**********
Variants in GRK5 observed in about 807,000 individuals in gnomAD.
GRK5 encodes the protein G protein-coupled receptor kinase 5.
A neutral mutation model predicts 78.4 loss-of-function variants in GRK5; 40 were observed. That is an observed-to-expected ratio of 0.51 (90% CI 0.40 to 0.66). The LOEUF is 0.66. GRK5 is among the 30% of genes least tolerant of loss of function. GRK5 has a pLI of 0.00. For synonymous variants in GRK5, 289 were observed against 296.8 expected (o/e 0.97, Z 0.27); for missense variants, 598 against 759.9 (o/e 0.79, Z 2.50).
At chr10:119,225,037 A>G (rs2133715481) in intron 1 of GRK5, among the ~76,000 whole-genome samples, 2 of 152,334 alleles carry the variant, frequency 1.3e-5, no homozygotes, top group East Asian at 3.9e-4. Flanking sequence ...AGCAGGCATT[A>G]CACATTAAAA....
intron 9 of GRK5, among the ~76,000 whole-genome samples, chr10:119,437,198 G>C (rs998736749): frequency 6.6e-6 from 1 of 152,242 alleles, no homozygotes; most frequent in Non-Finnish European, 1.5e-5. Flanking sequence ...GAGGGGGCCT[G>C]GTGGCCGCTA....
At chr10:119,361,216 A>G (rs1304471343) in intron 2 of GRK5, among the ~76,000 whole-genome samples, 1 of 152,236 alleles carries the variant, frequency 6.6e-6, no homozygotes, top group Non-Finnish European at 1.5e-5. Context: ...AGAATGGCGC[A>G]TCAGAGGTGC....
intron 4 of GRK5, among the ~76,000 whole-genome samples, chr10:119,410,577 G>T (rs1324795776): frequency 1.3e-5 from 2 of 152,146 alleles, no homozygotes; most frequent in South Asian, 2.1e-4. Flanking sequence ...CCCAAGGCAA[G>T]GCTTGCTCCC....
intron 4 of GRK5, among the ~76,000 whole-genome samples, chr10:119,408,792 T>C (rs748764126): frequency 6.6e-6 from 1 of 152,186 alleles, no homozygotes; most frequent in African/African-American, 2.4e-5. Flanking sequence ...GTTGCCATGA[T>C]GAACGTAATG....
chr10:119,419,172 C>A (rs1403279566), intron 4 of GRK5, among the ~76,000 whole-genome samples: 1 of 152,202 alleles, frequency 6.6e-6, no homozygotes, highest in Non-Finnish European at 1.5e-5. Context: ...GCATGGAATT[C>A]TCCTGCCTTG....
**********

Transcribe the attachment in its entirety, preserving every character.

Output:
Variants in GRK5 observed in about 807,000 individuals in gnomAD.
GRK5 encodes the protein G protein-coupled receptor kinase 5.
A neutral mutation model predicts 78.4 loss-of-function variants in GRK5; 40 were observed. That is an observed-to-expected ratio of 0.51 (90% CI 0.40 to 0.66). The LOEUF is 0.66. GRK5 is among the 30% of genes least tolerant of loss of function. GRK5 has a pLI of 0.00. For synonymous variants in GRK5, 289 were observed against 296.8 expected (o/e 0.97, Z 0.27); for missense variants, 598 against 759.9 (o/e 0.79, Z 2.50).
At chr10:119,225,037 A>G (rs2133715481) in intron 1 of GRK5, among the ~76,000 whole-genome samples, 2 of 152,334 alleles carry the variant, frequency 1.3e-5, no homozygotes, top group East Asian at 3.9e-4. Flanking sequence ...AGCAGGCATT[A>G]CACATTAAAA....
intron 9 of GRK5, among the ~76,000 whole-genome samples, chr10:119,437,198 G>C (rs998736749): frequency 6.6e-6 from 1 of 152,242 alleles, no homozygotes; most frequent in Non-Finnish European, 1.5e-5. Flanking sequence ...GAGGGGGCCT[G>C]GTGGCCGCTA....
At chr10:119,361,216 A>G (rs1304471343) in intron 2 of GRK5, among the ~76,000 whole-genome samples, 1 of 152,236 alleles carries the variant, frequency 6.6e-6, no homozygotes, top group Non-Finnish European at 1.5e-5. Context: ...AGAATGGCGC[A>G]TCAGAGGTGC....
intron 4 of GRK5, among the ~76,000 whole-genome samples, chr10:119,410,577 G>T (rs1324795776): frequency 1.3e-5 from 2 of 152,146 alleles, no homozygotes; most frequent in South Asian, 2.1e-4. Flanking sequence ...CCCAAGGCAA[G>T]GCTTGCTCCC....
intron 4 of GRK5, among the ~76,000 whole-genome samples, chr10:119,408,792 T>C (rs748764126): frequency 6.6e-6 from 1 of 152,186 alleles, no homozygotes; most frequent in African/African-American, 2.4e-5. Flanking sequence ...GTTGCCATGA[T>C]GAACGTAATG....
chr10:119,419,172 C>A (rs1403279566), intron 4 of GRK5, among the ~76,000 whole-genome samples: 1 of 152,202 alleles, frequency 6.6e-6, no homozygotes, highest in Non-Finnish European at 1.5e-5. Context: ...GCATGGAATT[C>A]TCCTGCCTTG....